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Reid Sheftall’s “Striking it Rich” Book Review

Mar. 28, 2008     By     Comments (14)

Striking it RichOne of the most often-touted explanations for the appeal of golf is that we play the same game, on the same courses, under the same rules, as the greatest players in the world. Is it any surprise, then, that so many of us entertain Walter Mitty-esque fantasies about turning pro? Come on, admit it, if you've piped a drive down the middle, followed it up with a pured iron and one putt, you've probably allowed yourself to wonder and fantasize, "What if…"

Truth is, most of us are about as likely to see tour action as we are to see, well, Gisele Bündchen action, but every once in a while, a real-life Walter Mitty shows up on the radar. Such is the central theme of Reid Sheftall's Striking it Rich: Golf in the Kingdom, with Generals, Patients, and Pros. The book will prove entertaining reading for just about any golf-obsessed Sand Trap reader, and might just teach you a thing or two about the game you love most.

There are so many things both fascinating and puzzling about Striking it Rich it's tough to know where to start. The author, Reid Sheftall, is an American-born, expatriate surgeon who, after completing his medical training in the U.S., emigrated to Cambodia where he has a thriving medical practice at the American Medical Center in Phnom Penh. In the preface, we learn that Sheftall was a talented, promising junior golfer, who left the game due to waning interest and a temper ill-suited for the game.

Bobby Jones Hybrid Review

Dec. 2, 2007     By     Comments (36)

Bobby JonesAnybody who watches the Golf Channel has seen the infomercial. I've seen it and I'm betting, since you're reading this review, a good portion of you have seen it as well. It's for the Bobby Jones hybrid by Jesse Ortiz.

Now I'm not the kind of guy who sits around watching infomercials. I'm also not the kind of guy who will believe the five minutes or so that I catch of one. That being said, if the Bobby Jones Golf Company hadn't promoted their hybrid as much as they did, I wouldn't have jumped at the chance to review a couple of them. I've been on the hybrid bandwagon since 2005 and haven't gotten off.

The Bobby Jones hybrid hasn't had a breakthrough in a tournament like the Sonartec in the 2004 British Open. What it has had is some of the highest rankings in the Golf Digest Hot List in the past couple years though. Are those high rankings deserved? Can we actually believe an infomercial? Is this club worthy of having Bobby Jones' name on it? Read on to find out.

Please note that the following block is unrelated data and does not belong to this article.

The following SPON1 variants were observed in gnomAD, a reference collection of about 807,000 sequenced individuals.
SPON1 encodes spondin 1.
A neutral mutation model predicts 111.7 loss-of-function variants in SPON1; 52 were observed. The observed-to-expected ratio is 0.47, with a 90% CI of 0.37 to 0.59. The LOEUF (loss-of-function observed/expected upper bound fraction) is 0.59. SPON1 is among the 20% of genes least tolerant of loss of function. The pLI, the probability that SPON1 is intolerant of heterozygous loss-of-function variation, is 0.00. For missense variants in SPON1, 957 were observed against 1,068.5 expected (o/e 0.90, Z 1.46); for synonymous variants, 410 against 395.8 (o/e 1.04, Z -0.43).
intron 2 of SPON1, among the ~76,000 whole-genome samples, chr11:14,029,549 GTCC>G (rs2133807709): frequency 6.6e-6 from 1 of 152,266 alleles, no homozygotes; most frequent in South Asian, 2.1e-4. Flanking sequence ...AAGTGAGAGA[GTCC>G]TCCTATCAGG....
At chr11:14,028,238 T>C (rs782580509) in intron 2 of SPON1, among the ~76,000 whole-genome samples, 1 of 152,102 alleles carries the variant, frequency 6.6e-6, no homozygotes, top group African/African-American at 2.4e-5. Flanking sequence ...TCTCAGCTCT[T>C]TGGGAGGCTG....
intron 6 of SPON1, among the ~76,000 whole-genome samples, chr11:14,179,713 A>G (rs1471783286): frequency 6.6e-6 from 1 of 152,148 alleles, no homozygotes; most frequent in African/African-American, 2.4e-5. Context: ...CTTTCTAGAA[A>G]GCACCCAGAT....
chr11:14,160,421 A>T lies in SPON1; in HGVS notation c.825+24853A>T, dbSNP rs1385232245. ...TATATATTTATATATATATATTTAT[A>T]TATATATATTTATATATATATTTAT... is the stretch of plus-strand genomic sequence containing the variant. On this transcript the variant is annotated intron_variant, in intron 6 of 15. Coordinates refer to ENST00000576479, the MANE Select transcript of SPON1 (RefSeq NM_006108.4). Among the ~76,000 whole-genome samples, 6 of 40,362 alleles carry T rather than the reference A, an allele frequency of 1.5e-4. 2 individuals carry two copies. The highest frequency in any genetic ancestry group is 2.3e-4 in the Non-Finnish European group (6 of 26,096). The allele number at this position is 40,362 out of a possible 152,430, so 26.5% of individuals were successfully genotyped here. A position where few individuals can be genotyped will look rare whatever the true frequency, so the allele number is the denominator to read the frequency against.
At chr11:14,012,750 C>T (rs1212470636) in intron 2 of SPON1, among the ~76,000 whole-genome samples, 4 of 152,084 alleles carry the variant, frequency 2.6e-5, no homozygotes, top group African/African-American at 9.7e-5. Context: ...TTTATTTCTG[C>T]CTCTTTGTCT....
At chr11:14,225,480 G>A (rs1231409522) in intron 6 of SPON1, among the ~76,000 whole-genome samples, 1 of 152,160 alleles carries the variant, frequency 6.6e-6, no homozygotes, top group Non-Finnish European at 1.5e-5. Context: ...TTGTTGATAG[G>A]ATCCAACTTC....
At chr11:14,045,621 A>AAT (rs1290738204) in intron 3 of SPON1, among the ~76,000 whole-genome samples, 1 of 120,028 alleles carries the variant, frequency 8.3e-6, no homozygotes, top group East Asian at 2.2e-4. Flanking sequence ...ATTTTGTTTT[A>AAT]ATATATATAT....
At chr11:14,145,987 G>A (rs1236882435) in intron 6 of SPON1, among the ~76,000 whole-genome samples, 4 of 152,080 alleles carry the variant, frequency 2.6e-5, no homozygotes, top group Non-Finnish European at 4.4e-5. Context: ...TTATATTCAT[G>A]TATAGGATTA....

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TaylorMade Burner XD Irons Review

Dec. 1, 2007     By     Comments (60)

TaylorMade Burner XD IronsIf you're the kind of golfer who tends to hit the ball all over the face and would still like to hit a club less than everyone else in your group, then this review may interest you.

TaylorMade may just be the hottest brand in golf. Over the past few years, a ton of r7 drivers (followed by r7 fairway woods and, to a lesser extent, r7 irons) have found their ways into a host of pro bags, and subsequently into the bags of amateurs of all abilities with varying results. The new kid in the TaylorMade family is the Burner line. Released (or re-released) only a year ago, the Burner driver and fairway woods have been played on the Tour by players like Kenny Perry, Sergio Garcia, and Sean O'Hair, and has been well received by the masses, as well. Where the r7 line is most associated with movable weights, the Burner line hangs its hat on hot clubfaces and technology that increases clubhead speed. Now, the Burner line has brought that same technology to the irons arena.

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Cleveland CG Red Irons Review

Oct. 26, 2007     By     Comments (38)

Cleveland CG RedCleveland Golf builds some of the finest iron sets in the world, yet rarely seems to receive the recognition rightfully heaped on other manufacturers. Despite having a small PGA Tour staff - Cleveland famously dropped David Toms at the beginning of 2007 - Cleveland players such as Jerry Kelly, Vaughn Taylor, Brett Wetterich, and Vijay Singh continue to have success on the PGA Tour.

Cleveland marches to a slightly different drum than the other manufacturers. They don't offer a square or triangular driver, instead choosing to stay with the swooped-back HiBore model, which met with lukewarm reviews in its first incarnation before delivering an incredible club with the HiBore XL.

In 2007, Cleveland added to its venerable irons lineup with the CG Red and the CG Gold - a pair of cavity-back irons aimed squarely at separate niches in the golf community.

We've given the CG Reds a thorough testing, and the results are in. Read on to see what we think: are they duds like the first-generation HiBore drivers or has Cleveland skipped that phase and gone on to greatness?